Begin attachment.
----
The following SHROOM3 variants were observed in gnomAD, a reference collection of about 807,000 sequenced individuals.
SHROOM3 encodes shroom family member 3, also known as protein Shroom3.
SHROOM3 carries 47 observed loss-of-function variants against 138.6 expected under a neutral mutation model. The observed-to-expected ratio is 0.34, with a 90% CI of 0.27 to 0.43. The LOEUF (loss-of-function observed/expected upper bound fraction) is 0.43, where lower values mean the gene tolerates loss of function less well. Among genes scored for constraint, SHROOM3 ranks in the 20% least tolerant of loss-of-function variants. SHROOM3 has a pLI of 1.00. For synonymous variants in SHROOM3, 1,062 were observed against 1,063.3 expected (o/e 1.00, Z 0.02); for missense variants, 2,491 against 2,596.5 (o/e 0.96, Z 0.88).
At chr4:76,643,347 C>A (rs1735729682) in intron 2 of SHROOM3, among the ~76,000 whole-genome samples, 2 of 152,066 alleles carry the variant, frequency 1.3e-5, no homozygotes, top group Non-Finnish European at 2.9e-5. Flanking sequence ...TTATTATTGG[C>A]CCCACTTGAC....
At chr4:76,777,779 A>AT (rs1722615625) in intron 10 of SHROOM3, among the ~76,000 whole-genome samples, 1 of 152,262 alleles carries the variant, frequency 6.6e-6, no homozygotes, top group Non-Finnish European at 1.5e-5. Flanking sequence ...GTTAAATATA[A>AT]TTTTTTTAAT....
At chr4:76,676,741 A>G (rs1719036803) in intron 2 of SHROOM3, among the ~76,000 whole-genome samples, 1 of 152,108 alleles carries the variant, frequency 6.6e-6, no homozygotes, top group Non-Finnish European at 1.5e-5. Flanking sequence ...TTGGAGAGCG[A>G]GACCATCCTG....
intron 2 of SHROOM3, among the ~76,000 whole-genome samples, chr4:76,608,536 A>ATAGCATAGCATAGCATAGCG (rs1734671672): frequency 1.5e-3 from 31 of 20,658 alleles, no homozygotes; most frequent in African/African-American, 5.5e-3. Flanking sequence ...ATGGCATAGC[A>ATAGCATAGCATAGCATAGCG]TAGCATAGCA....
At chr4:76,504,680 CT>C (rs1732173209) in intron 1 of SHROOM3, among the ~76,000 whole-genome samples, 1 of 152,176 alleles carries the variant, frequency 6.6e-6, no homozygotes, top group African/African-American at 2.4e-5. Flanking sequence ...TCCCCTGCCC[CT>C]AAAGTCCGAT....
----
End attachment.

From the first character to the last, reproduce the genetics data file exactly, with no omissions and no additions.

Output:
The following SHROOM3 variants were observed in gnomAD, a reference collection of about 807,000 sequenced individuals.
SHROOM3 encodes shroom family member 3, also known as protein Shroom3.
SHROOM3 carries 47 observed loss-of-function variants against 138.6 expected under a neutral mutation model. The observed-to-expected ratio is 0.34, with a 90% CI of 0.27 to 0.43. The LOEUF (loss-of-function observed/expected upper bound fraction) is 0.43, where lower values mean the gene tolerates loss of function less well. Among genes scored for constraint, SHROOM3 ranks in the 20% least tolerant of loss-of-function variants. SHROOM3 has a pLI of 1.00. For synonymous variants in SHROOM3, 1,062 were observed against 1,063.3 expected (o/e 1.00, Z 0.02); for missense variants, 2,491 against 2,596.5 (o/e 0.96, Z 0.88).
At chr4:76,643,347 C>A (rs1735729682) in intron 2 of SHROOM3, among the ~76,000 whole-genome samples, 2 of 152,066 alleles carry the variant, frequency 1.3e-5, no homozygotes, top group Non-Finnish European at 2.9e-5. Flanking sequence ...TTATTATTGG[C>A]CCCACTTGAC....
At chr4:76,777,779 A>AT (rs1722615625) in intron 10 of SHROOM3, among the ~76,000 whole-genome samples, 1 of 152,262 alleles carries the variant, frequency 6.6e-6, no homozygotes, top group Non-Finnish European at 1.5e-5. Flanking sequence ...GTTAAATATA[A>AT]TTTTTTTAAT....
At chr4:76,676,741 A>G (rs1719036803) in intron 2 of SHROOM3, among the ~76,000 whole-genome samples, 1 of 152,108 alleles carries the variant, frequency 6.6e-6, no homozygotes, top group Non-Finnish European at 1.5e-5. Flanking sequence ...TTGGAGAGCG[A>G]GACCATCCTG....
intron 2 of SHROOM3, among the ~76,000 whole-genome samples, chr4:76,608,536 A>ATAGCATAGCATAGCATAGCG (rs1734671672): frequency 1.5e-3 from 31 of 20,658 alleles, no homozygotes; most frequent in African/African-American, 5.5e-3. Flanking sequence ...ATGGCATAGC[A>ATAGCATAGCATAGCATAGCG]TAGCATAGCA....
At chr4:76,504,680 CT>C (rs1732173209) in intron 1 of SHROOM3, among the ~76,000 whole-genome samples, 1 of 152,176 alleles carries the variant, frequency 6.6e-6, no homozygotes, top group African/African-American at 2.4e-5. Flanking sequence ...TCCCCTGCCC[CT>C]AAAGTCCGAT....